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Straightliner59

Louvers. Possible solution?

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It sometimes happens, while sitting at the bench, an idea dawns on you that may provide a solution to a problem that has long nagged at you. This afternoon, I had one of those ideas regarding creating realistic louvers for a model car. I used a 1/4" chisel (which will work fine, if I decide to use this technique on my Indy car. A 1/8" chisel would be a better option, for 1/25 scale models), and some de-plasticized aluminum flashing that I annealed. I eased the corners of the chisel bit, to attempt to create a more rounded end on the louvers. Once the sheet was annealed, firm pressure, on a cutting mat, provided enough force to push the bit through it. As is the case, here, generally, when I try out stuff, like this, I don't concern myself with measurements, etc. I simply want to see if the method is workable and feasible. I have a couple of ideas that will refine this, further, and perhaps lead something doable, without a press, and a die (although, at some point, I may attempt to make one). Thoughts?

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Great idea that looks very promising, and I'm sure with a few more shots at it you'll get them even now you have proof of concept. I'm thinking out loud here but making a backing part for the other side would help with the consistancy. Maybe if you tap the chisel into an alu block or some hard wood. I saw a program where Gene Winfield described how to get them to go around corners/edges evenly too that was putting a point in the centre of the louvres so when you bend the metal they stay true to those on the flat parts and I think your method would work for that too.

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11 minutes ago, stitchdup said:

Great idea that looks very promising, and I'm sure with a few more shots at it you'll get them even now you have proof of concept. I'm thinking out loud here but making a backing part for the other side would help with the consistancy. Maybe if you tap the chisel into an alu block or some hard wood. I saw a program where Gene Winfield described how to get them to go around corners/edges evenly too that was putting a point in the centre of the louvres so when you bend the metal they stay true to those on the flat parts and I think your method would work for that too.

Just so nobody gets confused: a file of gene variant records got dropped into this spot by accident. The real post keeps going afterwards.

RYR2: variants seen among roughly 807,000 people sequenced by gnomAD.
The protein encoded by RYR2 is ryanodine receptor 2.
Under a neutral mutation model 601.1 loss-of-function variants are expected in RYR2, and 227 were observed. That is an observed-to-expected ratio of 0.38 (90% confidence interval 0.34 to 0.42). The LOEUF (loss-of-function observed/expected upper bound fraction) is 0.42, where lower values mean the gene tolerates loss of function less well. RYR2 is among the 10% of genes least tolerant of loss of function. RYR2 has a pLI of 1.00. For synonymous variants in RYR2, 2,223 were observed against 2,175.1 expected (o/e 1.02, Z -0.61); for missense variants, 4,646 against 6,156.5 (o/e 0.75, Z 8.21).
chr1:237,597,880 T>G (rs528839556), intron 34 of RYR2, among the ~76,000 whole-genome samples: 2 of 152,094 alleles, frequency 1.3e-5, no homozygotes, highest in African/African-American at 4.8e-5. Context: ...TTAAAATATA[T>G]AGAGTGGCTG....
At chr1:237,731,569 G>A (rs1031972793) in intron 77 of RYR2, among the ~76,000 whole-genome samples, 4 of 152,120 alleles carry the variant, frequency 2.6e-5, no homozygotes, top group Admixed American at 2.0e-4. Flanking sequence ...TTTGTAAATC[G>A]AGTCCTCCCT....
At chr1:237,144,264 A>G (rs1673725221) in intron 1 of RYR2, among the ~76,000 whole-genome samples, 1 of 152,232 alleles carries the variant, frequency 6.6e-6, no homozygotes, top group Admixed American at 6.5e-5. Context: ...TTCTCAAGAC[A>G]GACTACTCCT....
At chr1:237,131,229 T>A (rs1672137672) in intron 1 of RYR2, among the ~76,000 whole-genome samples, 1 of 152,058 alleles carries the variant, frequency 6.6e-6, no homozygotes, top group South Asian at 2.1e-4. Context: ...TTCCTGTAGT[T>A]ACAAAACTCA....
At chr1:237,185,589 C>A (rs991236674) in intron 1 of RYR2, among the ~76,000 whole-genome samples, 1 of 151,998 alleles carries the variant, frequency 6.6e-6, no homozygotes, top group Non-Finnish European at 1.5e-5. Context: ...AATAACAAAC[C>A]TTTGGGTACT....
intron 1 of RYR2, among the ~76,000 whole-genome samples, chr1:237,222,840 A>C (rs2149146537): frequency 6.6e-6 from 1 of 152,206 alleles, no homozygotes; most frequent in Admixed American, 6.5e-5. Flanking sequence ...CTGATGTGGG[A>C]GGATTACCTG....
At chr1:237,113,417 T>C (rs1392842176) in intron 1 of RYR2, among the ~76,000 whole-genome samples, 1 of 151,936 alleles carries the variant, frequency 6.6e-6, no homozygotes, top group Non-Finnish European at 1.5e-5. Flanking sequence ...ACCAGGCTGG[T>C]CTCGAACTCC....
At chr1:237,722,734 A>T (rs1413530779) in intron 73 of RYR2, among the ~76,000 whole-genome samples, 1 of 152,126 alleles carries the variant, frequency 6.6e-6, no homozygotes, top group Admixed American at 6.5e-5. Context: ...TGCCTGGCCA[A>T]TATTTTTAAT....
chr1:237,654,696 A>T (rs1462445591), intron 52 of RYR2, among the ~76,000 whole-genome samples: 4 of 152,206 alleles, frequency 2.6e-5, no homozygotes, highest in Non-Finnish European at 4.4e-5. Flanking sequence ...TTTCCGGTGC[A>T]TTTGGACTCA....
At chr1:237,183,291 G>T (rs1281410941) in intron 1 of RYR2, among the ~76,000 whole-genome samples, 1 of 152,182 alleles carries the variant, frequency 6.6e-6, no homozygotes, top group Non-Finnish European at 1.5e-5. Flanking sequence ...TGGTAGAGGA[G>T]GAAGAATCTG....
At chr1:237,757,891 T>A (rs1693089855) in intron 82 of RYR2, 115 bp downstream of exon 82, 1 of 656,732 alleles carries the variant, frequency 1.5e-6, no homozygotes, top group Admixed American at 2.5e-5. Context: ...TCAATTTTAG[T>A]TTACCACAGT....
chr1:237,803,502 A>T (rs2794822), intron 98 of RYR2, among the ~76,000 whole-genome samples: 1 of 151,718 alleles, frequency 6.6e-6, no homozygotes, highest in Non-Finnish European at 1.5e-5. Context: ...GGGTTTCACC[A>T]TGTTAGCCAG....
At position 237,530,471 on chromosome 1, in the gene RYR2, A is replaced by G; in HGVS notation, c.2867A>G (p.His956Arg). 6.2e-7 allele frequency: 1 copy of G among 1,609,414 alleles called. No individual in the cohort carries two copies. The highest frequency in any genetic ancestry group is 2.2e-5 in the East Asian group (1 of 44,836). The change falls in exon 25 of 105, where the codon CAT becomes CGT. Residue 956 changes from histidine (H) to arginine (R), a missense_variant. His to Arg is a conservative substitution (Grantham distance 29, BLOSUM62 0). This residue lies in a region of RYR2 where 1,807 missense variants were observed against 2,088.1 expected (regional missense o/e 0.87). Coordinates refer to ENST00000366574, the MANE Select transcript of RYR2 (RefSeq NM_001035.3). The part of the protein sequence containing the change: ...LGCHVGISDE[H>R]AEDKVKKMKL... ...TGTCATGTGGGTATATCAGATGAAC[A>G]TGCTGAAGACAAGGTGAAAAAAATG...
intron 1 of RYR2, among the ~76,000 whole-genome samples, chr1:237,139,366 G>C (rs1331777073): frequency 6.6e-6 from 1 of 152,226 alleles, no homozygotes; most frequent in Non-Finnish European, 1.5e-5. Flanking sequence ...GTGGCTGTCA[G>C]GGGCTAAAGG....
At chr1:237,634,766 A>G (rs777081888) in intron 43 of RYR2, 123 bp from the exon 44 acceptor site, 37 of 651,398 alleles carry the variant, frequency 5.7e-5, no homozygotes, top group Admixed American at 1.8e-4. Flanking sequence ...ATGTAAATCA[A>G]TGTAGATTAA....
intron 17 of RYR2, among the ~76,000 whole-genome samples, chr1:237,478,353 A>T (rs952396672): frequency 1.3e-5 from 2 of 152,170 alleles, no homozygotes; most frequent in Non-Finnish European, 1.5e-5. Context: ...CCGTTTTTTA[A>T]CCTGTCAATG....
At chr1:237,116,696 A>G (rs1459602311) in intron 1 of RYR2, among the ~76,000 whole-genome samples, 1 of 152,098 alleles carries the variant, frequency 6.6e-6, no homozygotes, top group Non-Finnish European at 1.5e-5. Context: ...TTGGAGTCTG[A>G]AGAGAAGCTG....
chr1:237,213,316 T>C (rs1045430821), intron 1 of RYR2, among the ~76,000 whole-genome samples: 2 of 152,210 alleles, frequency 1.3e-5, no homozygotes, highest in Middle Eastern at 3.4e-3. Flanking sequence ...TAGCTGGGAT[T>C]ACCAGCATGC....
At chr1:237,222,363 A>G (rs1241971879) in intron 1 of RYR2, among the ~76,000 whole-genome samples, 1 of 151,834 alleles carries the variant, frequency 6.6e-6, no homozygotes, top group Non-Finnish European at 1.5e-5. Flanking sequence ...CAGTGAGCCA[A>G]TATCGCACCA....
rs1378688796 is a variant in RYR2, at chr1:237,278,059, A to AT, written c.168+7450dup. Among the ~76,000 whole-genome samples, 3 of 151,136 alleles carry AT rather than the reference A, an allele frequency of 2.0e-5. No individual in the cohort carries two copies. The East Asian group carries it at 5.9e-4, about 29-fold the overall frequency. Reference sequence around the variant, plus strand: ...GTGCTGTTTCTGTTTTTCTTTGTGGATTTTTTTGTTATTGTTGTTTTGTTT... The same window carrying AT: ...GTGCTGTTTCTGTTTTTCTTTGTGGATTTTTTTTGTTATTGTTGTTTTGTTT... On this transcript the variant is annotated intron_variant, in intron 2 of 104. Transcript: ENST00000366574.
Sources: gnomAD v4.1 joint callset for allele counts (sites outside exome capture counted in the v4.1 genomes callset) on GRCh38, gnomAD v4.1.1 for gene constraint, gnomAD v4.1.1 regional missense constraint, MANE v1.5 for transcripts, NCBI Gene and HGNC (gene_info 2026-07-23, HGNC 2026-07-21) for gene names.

Thank you, Leslie! Per your suggestion, I tried it on a piece of laminated bamboo. The firmer surface made for a cleaner cut and bend. A bit more experimentation, and I may give it a try, on the hood of the Indy car. There are still a couple of more things I want to try, before I go for a final!

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The biggest problem seems to be alignment. I wonder if it would be possible to have to have properly aligned louvers cut into a harder surface and place it under your panel , secure the aluminum sheet on top, then punch down into those preformed openings with your tool. God luck with what ever you do and be sure to keep us up dated with your progress,

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Cutting louvers freehand and ensuring that they are both spaced and aligned properly will be extremely difficult.

To do this properly will require a shaped punch tool to be mounted into a drill press and be able to lock the spindle. Then a bottom tool with an adjustable guide rail to align the part for louver forming. The bottom tool will need to be designed in such a way that the louvers can self space when each punched louver is drawn back against it. All a bit complicated, but accurate louver punching needs the sort of accuracy that only a shaped punch and jig will allow. Unfortunately this is going into the realms of miniature engineering. Basically, Daniel has got the right idea with regard to the principle of actually punching louvers. The problems arise with needing consistent spacing, consistent depth and accurate alignment.

Edited by Bugatti Fan

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Since I finally solved this whole dilemma on Wednesday, I thought I would post some pictures of what I did, and the results. I am very, very happy with these! I bumped  this, because there may be folks interested, who haven't seen my "Indy" car thread. The metal is aluminum step flashing. Any questions or comments, fire away!

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When only a proper tool will do you have to become a toolmaker.  Well done. ?

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Oh man, the first attempt I was like “meh, kinda worked” and the second attempt I was like “WOW, check THAT out!!!!!!!!”

Really impressive!

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Admire the perseverance and progress.  My experience with roof flashing, it breaks when bent, so the anneal process reduces that?

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2 hours ago, 89AKurt said:

Admire the perseverance and progress.  My experience with roof flashing, it breaks when bent, so the anneal process reduces that?